Bionic Commando Dev All GRINsPublished by wes213 on Saturday, December 15, 2007
Tagged: Gaming, Xbox 360,
Bionic Commando developer GRIN reveals to Next-Gen the opening of a new studio, and the amount of creative influence that Capcom Japan will have on GRIN’s highly-anticipated grappler.
In the US, GRIN, developer of the PC versions of the Ghost Recon Advanced Warfighter games, isn’t the most well-known studio. But with 190 people across four locations and a decade under its belt, the Sweden-based game maker is a formidable industry player.
GRIN revealed to Next-Gen earlier this week that it is expanding further with the opening of a Gothenburg, Sweden studio. According to GRIN CEO and co-founder Bo Andersson, about 20 people are lined up to begin work in Gothenburg, and the self-sufficient studio is expected to grow to about 50 staff in total. Doors will open on January 7.
“The new studio is working on a very, very big Hollywood sci-fi brand” for Xbox 360, PS3 and PC, hints Andersson. “It’s a real triple-A thing.”
The founding of the Gothenburg studio comes just after GRIN established a beachfront Barcelona studio earlier this year. “Sometimes staff there have this problem of getting sand between their toes during lunch breaks,” a rep from GRIN joked.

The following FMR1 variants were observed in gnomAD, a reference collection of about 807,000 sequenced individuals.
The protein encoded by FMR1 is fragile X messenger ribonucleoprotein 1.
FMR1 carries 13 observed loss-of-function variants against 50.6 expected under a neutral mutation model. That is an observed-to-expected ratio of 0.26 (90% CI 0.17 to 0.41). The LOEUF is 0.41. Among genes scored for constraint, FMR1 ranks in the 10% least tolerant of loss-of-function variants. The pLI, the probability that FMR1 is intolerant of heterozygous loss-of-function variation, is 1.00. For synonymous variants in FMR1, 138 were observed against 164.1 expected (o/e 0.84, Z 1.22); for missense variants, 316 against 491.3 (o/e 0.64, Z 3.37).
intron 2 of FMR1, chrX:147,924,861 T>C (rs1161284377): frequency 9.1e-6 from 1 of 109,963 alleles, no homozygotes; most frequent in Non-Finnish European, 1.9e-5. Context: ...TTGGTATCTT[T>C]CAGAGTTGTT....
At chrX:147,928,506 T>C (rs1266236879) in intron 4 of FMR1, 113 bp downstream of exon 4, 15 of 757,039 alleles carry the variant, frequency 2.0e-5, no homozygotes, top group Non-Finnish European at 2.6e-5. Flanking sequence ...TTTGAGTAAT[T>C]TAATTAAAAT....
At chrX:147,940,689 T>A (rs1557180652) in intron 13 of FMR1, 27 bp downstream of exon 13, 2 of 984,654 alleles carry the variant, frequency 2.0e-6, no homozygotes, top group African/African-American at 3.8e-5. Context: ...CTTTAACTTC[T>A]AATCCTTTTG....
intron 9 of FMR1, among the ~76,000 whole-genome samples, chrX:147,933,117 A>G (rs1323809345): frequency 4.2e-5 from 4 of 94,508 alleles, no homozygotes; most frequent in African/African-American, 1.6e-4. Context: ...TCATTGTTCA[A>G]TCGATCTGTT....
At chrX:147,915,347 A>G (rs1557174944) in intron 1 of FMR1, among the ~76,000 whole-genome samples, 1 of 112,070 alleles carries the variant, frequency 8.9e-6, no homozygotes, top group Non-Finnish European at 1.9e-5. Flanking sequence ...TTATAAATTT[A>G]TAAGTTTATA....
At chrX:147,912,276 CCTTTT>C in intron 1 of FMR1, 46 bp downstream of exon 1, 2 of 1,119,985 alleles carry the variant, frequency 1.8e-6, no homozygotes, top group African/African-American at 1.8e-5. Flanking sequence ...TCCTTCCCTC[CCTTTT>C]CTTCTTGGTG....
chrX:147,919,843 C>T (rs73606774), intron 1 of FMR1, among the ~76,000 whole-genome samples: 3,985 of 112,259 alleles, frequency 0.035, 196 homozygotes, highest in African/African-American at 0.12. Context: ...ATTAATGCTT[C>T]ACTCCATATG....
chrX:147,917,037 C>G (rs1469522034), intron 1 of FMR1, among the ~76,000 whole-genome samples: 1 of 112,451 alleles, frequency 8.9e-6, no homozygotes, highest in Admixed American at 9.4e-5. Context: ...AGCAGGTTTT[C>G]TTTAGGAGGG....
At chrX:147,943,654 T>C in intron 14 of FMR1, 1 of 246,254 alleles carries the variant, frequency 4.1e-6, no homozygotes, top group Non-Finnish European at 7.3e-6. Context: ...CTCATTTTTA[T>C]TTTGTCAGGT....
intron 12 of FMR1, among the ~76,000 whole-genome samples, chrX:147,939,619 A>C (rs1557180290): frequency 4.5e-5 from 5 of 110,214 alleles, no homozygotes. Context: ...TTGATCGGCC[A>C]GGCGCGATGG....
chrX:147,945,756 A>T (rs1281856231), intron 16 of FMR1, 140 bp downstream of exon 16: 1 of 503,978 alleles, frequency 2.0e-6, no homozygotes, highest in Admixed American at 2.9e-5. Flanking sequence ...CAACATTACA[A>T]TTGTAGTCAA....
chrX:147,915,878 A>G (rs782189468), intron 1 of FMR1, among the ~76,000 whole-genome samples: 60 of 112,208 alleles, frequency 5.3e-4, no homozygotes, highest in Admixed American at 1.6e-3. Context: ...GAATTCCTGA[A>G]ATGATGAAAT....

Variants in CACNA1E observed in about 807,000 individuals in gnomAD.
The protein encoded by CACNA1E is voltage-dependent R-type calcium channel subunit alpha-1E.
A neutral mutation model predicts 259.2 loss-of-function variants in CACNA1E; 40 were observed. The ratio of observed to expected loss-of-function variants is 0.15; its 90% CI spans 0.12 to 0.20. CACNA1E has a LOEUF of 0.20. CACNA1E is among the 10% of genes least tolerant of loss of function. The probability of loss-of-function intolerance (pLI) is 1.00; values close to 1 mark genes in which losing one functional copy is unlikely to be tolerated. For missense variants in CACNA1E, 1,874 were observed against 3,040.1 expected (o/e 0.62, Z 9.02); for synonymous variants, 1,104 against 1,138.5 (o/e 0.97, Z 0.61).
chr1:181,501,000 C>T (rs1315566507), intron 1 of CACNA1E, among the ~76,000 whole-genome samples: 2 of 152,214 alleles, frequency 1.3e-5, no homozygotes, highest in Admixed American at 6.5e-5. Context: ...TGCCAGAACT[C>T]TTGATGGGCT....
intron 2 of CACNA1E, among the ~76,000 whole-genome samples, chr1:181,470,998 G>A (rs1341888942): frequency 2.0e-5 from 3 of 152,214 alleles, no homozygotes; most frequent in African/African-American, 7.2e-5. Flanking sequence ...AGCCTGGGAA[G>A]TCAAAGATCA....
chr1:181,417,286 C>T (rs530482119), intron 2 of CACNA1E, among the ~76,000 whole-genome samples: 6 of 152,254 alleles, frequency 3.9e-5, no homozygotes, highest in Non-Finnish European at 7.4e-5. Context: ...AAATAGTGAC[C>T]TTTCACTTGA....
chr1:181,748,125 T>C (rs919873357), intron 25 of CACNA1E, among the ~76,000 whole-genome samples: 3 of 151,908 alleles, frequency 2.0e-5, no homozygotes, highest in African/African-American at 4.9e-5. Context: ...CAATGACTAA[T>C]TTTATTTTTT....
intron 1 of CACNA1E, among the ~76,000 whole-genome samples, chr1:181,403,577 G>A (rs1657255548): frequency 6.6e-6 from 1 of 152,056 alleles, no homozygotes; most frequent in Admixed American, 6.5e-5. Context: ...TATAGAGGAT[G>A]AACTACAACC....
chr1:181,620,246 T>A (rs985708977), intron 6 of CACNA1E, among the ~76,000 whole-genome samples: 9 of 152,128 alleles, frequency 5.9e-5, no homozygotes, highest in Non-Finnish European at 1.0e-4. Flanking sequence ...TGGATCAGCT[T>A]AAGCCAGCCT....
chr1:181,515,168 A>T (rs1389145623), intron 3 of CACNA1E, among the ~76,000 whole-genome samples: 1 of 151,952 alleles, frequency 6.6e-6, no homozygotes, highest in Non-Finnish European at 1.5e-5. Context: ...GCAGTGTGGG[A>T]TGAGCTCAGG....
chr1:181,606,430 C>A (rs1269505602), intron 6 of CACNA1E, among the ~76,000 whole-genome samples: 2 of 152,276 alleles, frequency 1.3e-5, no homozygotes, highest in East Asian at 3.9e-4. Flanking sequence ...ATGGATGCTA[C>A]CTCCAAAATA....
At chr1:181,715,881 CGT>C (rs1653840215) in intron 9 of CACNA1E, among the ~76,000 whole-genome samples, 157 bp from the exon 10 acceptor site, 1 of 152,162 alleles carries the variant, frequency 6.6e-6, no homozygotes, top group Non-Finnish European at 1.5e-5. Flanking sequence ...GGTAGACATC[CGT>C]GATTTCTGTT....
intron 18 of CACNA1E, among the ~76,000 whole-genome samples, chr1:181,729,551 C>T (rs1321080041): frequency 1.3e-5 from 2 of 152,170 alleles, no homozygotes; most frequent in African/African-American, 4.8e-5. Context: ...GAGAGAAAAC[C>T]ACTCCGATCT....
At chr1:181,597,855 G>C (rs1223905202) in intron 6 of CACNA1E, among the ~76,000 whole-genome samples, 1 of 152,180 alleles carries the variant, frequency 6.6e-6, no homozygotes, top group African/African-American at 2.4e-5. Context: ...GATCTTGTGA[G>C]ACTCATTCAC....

With a QA office in Jakarta, Japan and headquarters in Stockholm, perhaps a Stateside presence would be the next step for GRIN.
“One country at a time,” Andersson laughs. “But we have been looking at the US, not only because there’s a lot of talent there, but because of the exchange rate. It starts to become quite beneficial to actually be in the US rather than Europe, which is quite interesting. We already have a collaboration with a partner in Canada, so that’s not too far away.”
GRIN’s catalog of games includes the aforementioned GRAW games for PC, as well as the 2003 car combat game Bandits: Phoenix Rising and the 2001 racer Ballistics. But it’s GRIN’s current project, the re-imagining of the classic game Bionic Commando, that has gamers’ attention.